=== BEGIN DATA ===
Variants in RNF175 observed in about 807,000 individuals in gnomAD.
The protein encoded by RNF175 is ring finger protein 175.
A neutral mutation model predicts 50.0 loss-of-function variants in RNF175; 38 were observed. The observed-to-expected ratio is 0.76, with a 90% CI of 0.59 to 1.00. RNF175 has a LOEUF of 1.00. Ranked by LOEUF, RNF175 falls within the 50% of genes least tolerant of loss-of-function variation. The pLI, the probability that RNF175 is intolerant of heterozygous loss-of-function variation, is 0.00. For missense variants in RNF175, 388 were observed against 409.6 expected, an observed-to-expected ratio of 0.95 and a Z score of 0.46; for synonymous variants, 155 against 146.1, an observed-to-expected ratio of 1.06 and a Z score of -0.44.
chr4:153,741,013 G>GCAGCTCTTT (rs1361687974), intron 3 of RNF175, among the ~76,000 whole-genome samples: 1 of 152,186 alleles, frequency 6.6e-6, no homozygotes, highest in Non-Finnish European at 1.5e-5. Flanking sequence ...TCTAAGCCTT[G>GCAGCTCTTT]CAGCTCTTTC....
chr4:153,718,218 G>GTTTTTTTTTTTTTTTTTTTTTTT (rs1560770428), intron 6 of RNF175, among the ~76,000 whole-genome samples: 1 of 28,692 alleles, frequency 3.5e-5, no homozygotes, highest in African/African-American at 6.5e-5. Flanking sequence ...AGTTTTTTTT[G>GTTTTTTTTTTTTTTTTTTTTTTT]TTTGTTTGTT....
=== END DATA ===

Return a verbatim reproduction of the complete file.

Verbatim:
Variants in RNF175 observed in about 807,000 individuals in gnomAD.
The protein encoded by RNF175 is ring finger protein 175.
A neutral mutation model predicts 50.0 loss-of-function variants in RNF175; 38 were observed. The observed-to-expected ratio is 0.76, with a 90% CI of 0.59 to 1.00. RNF175 has a LOEUF of 1.00. Ranked by LOEUF, RNF175 falls within the 50% of genes least tolerant of loss-of-function variation. The pLI, the probability that RNF175 is intolerant of heterozygous loss-of-function variation, is 0.00. For missense variants in RNF175, 388 were observed against 409.6 expected, an observed-to-expected ratio of 0.95 and a Z score of 0.46; for synonymous variants, 155 against 146.1, an observed-to-expected ratio of 1.06 and a Z score of -0.44.
chr4:153,741,013 G>GCAGCTCTTT (rs1361687974), intron 3 of RNF175, among the ~76,000 whole-genome samples: 1 of 152,186 alleles, frequency 6.6e-6, no homozygotes, highest in Non-Finnish European at 1.5e-5. Flanking sequence ...TCTAAGCCTT[G>GCAGCTCTTT]CAGCTCTTTC....
chr4:153,718,218 G>GTTTTTTTTTTTTTTTTTTTTTTT (rs1560770428), intron 6 of RNF175, among the ~76,000 whole-genome samples: 1 of 28,692 alleles, frequency 3.5e-5, no homozygotes, highest in African/African-American at 6.5e-5. Flanking sequence ...AGTTTTTTTT[G>GTTTTTTTTTTTTTTTTTTTTTTT]TTTGTTTGTT....